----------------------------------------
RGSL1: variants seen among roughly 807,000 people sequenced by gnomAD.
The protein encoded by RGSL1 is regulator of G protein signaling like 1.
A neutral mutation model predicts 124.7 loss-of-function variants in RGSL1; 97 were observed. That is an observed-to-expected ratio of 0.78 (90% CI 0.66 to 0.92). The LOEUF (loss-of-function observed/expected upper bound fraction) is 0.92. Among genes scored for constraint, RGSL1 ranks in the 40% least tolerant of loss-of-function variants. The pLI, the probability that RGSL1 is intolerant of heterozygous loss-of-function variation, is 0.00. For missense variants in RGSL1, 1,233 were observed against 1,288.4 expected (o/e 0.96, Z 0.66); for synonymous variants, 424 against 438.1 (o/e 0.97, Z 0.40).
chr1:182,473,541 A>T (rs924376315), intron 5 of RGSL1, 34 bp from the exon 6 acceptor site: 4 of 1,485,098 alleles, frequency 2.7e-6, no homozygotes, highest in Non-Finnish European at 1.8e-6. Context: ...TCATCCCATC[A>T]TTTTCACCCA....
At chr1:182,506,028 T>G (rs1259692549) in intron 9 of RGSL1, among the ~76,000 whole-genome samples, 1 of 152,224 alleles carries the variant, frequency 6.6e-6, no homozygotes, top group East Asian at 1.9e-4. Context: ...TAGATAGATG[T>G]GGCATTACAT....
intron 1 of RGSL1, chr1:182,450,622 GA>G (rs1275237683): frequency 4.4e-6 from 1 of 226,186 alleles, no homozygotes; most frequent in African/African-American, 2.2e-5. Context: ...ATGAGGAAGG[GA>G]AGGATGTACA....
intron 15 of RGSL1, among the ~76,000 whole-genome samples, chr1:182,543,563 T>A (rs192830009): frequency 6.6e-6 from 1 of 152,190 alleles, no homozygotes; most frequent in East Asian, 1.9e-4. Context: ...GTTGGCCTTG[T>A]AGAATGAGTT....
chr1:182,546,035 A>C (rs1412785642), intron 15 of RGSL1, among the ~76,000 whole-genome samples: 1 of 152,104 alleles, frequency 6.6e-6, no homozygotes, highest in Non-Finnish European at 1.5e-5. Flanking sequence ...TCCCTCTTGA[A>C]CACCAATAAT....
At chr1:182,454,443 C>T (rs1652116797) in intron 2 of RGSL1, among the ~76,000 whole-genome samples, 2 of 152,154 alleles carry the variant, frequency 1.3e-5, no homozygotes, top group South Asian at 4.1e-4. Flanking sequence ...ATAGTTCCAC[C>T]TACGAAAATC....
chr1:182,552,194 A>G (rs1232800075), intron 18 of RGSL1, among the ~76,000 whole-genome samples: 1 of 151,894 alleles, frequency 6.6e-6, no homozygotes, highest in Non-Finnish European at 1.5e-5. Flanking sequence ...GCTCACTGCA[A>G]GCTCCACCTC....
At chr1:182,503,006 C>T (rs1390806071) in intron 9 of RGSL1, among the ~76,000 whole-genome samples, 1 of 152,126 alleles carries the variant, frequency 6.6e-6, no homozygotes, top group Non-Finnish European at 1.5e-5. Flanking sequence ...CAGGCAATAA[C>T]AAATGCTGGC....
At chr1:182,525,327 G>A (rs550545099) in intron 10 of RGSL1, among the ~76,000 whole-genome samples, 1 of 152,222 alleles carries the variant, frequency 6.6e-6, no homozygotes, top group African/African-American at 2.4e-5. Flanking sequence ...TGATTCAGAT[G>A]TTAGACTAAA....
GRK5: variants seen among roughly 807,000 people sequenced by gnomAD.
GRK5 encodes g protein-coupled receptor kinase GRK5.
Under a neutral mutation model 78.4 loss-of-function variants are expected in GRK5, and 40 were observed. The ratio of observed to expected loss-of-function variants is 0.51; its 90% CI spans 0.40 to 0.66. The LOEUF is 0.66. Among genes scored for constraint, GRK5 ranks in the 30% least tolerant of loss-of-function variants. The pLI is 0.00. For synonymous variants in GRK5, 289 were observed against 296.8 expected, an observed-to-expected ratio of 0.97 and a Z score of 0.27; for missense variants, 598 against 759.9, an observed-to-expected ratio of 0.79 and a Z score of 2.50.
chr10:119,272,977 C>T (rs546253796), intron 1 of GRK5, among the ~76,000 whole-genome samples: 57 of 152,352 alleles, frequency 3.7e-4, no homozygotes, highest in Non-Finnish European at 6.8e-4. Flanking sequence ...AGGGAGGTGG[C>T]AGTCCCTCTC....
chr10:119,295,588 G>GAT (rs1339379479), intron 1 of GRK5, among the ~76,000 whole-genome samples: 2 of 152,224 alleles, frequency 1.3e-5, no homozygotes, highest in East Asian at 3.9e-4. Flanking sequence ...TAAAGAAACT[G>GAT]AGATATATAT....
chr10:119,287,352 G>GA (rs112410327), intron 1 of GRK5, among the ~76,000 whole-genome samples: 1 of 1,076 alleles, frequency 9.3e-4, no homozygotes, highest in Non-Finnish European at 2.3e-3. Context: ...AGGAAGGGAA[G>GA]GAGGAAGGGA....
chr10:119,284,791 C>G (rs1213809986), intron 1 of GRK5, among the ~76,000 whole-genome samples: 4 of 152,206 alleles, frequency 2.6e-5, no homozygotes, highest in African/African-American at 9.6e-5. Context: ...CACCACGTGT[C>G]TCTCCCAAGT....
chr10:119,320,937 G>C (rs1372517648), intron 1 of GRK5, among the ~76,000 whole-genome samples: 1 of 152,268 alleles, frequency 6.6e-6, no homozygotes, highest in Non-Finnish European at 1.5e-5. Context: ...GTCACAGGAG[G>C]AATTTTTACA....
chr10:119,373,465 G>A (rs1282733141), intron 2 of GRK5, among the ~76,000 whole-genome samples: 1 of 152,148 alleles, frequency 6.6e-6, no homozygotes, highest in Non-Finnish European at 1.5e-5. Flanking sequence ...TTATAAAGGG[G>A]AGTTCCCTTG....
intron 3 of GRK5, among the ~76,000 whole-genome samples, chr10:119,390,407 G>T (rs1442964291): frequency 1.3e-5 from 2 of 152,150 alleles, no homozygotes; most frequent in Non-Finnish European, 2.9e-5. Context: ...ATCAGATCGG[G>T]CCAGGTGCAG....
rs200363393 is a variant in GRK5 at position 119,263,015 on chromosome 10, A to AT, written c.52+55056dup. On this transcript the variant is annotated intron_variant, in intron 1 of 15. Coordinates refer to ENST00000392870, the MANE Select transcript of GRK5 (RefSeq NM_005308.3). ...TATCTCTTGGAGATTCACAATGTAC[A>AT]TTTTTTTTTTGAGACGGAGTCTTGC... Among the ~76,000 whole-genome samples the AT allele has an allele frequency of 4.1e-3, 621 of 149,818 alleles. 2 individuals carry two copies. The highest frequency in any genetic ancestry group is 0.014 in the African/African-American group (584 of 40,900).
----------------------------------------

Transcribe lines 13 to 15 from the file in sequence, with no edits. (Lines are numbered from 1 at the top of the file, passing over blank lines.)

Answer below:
GRK5: variants seen among roughly 807,000 people sequenced by gnomAD.
GRK5 encodes g protein-coupled receptor kinase GRK5.
Under a neutral mutation model 78.4 loss-of-function variants are expected in GRK5, and 40 were observed. The ratio of observed to expected loss-of-function variants is 0.51; its 90% CI spans 0.40 to 0.66. The LOEUF is 0.66. Among genes scored for constraint, GRK5 ranks in the 30% least tolerant of loss-of-function variants. The pLI is 0.00. For synonymous variants in GRK5, 289 were observed against 296.8 expected, an observed-to-expected ratio of 0.97 and a Z score of 0.27; for missense variants, 598 against 759.9, an observed-to-expected ratio of 0.79 and a Z score of 2.50.